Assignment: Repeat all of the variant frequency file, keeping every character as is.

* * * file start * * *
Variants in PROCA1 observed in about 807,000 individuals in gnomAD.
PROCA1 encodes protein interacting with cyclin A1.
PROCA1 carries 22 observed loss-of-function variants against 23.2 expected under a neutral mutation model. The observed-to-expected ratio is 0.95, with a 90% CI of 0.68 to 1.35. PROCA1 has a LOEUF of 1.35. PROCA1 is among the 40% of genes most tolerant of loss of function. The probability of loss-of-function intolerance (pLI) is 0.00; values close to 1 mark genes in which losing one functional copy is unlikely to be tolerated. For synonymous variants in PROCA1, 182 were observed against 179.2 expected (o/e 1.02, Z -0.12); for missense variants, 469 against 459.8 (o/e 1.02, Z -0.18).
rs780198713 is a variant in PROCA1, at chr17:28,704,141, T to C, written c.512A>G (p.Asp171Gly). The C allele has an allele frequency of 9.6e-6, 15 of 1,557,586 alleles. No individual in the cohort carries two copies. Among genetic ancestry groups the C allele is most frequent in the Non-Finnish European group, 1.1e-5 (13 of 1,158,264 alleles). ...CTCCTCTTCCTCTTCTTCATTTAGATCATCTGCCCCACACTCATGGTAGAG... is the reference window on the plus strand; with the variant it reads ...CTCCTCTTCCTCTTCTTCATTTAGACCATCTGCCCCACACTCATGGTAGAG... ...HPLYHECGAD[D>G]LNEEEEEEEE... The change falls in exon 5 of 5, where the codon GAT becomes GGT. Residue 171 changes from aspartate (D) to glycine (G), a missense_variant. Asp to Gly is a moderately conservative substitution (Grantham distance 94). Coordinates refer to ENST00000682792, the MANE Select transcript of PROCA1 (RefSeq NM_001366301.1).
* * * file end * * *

Variants in PROCA1 observed in about 807,000 individuals in gnomAD.
PROCA1 encodes protein interacting with cyclin A1.
PROCA1 carries 22 observed loss-of-function variants against 23.2 expected under a neutral mutation model. The observed-to-expected ratio is 0.95, with a 90% CI of 0.68 to 1.35. PROCA1 has a LOEUF of 1.35. PROCA1 is among the 40% of genes most tolerant of loss of function. The probability of loss-of-function intolerance (pLI) is 0.00; values close to 1 mark genes in which losing one functional copy is unlikely to be tolerated. For synonymous variants in PROCA1, 182 were observed against 179.2 expected (o/e 1.02, Z -0.12); for missense variants, 469 against 459.8 (o/e 1.02, Z -0.18).
rs780198713 is a variant in PROCA1, at chr17:28,704,141, T to C, written c.512A>G (p.Asp171Gly). The C allele has an allele frequency of 9.6e-6, 15 of 1,557,586 alleles. No individual in the cohort carries two copies. Among genetic ancestry groups the C allele is most frequent in the Non-Finnish European group, 1.1e-5 (13 of 1,158,264 alleles). ...CTCCTCTTCCTCTTCTTCATTTAGATCATCTGCCCCACACTCATGGTAGAG... is the reference window on the plus strand; with the variant it reads ...CTCCTCTTCCTCTTCTTCATTTAGACCATCTGCCCCACACTCATGGTAGAG... ...HPLYHECGAD[D>G]LNEEEEEEEE... The change falls in exon 5 of 5, where the codon GAT becomes GGT. Residue 171 changes from aspartate (D) to glycine (G), a missense_variant. Asp to Gly is a moderately conservative substitution (Grantham distance 94). Coordinates refer to ENST00000682792, the MANE Select transcript of PROCA1 (RefSeq NM_001366301.1).